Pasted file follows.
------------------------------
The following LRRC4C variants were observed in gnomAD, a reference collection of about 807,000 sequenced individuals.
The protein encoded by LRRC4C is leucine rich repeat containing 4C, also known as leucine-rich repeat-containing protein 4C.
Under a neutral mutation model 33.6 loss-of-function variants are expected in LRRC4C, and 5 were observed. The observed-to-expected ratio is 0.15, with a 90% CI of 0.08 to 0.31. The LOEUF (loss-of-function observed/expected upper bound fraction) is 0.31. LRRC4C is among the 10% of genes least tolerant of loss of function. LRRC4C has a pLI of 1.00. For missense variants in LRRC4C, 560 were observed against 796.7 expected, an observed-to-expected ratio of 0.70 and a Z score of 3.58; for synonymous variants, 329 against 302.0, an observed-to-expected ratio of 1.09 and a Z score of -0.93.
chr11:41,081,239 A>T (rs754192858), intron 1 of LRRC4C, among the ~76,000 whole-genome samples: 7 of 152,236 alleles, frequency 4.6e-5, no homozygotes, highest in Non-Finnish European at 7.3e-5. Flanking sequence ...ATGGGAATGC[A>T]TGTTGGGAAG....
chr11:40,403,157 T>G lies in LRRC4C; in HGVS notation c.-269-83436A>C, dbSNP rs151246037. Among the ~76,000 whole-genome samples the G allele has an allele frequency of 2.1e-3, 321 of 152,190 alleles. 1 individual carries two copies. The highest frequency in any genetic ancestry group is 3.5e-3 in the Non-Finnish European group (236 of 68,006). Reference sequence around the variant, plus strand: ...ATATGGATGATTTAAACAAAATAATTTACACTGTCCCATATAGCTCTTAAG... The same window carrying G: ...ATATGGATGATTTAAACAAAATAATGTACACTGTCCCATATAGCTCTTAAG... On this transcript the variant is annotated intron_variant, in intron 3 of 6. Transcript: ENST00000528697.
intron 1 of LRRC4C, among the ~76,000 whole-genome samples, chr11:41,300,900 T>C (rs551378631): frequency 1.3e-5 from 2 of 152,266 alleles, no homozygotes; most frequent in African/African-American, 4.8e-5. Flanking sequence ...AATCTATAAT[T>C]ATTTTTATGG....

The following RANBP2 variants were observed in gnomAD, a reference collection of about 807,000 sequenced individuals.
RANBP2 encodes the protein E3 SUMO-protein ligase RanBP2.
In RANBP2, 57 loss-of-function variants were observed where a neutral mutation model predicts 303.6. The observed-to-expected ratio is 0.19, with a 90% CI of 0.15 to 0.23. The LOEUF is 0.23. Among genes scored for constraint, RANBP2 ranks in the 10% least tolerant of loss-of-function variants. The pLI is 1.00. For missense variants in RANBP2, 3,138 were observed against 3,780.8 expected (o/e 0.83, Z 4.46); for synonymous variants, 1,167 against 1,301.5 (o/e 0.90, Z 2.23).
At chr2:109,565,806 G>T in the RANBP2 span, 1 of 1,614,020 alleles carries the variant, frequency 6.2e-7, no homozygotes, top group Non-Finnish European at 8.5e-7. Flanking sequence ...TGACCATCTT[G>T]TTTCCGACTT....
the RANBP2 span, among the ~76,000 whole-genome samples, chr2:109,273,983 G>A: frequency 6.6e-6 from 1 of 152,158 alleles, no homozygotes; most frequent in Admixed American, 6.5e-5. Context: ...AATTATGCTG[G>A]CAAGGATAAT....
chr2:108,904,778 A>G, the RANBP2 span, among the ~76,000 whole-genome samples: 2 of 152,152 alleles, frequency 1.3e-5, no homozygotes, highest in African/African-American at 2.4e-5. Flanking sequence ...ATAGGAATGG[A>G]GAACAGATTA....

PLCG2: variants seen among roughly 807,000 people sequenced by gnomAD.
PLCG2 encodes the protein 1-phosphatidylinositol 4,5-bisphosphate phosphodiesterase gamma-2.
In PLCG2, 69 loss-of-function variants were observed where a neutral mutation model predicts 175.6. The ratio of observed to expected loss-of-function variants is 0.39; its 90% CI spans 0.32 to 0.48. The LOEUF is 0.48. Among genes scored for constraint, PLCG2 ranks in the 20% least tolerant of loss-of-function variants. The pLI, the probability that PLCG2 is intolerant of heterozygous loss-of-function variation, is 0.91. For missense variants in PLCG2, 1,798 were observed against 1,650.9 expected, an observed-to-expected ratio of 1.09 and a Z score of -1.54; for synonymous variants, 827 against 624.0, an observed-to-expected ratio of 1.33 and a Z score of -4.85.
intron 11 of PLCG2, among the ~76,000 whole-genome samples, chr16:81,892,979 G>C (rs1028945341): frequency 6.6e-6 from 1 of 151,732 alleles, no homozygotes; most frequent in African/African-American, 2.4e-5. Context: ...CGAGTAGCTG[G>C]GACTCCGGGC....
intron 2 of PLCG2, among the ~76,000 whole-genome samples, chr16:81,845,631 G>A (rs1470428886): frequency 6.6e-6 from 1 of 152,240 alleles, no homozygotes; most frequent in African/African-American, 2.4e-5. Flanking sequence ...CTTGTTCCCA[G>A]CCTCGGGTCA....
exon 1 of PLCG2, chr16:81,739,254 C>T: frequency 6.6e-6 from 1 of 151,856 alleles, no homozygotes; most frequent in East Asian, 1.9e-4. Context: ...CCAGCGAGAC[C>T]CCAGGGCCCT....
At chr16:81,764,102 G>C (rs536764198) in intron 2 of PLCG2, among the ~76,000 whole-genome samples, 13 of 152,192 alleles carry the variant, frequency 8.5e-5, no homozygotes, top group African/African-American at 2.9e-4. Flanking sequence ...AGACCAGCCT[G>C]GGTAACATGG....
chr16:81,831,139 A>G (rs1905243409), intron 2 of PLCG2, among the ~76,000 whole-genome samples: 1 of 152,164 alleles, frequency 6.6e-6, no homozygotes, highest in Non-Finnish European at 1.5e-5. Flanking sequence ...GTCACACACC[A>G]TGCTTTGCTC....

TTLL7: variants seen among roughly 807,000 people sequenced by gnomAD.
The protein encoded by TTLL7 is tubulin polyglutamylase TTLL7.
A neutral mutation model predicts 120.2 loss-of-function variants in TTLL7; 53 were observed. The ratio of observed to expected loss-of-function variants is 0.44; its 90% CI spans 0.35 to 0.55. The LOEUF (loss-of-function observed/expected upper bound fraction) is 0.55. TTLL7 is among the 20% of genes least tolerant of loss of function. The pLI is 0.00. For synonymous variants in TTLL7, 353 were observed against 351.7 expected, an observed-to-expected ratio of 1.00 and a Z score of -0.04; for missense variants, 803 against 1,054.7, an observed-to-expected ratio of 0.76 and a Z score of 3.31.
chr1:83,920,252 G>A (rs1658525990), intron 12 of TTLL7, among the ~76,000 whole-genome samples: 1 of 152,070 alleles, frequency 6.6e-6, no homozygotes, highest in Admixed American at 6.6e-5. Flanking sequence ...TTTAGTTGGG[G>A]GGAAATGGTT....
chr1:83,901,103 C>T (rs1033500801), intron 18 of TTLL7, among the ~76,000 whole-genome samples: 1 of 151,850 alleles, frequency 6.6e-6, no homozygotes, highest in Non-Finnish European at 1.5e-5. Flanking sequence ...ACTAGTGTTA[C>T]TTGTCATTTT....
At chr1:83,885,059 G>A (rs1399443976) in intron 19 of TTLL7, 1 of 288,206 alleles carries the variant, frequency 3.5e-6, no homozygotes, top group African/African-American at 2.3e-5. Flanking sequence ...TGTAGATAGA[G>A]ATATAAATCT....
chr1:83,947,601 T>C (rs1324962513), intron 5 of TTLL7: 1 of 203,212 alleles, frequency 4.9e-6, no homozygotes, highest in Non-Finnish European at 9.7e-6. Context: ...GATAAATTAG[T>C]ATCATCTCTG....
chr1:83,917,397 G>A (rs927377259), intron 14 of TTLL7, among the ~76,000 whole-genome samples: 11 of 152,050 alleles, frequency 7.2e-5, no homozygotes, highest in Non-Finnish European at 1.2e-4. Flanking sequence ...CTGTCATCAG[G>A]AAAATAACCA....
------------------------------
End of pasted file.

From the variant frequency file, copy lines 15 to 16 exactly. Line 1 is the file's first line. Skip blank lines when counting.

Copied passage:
In PLCG2, 69 loss-of-function variants were observed where a neutral mutation model predicts 175.6. The ratio of observed to expected loss-of-function variants is 0.39; its 90% CI spans 0.32 to 0.48. The LOEUF is 0.48. Among genes scored for constraint, PLCG2 ranks in the 20% least tolerant of loss-of-function variants. The pLI, the probability that PLCG2 is intolerant of heterozygous loss-of-function variation, is 0.91. For missense variants in PLCG2, 1,798 were observed against 1,650.9 expected, an observed-to-expected ratio of 1.09 and a Z score of -1.54; for synonymous variants, 827 against 624.0, an observed-to-expected ratio of 1.33 and a Z score of -4.85.
intron 11 of PLCG2, among the ~76,000 whole-genome samples, chr16:81,892,979 G>C (rs1028945341): frequency 6.6e-6 from 1 of 151,732 alleles, no homozygotes; most frequent in African/African-American, 2.4e-5. Context: ...CGAGTAGCTG[G>C]GACTCCGGGC....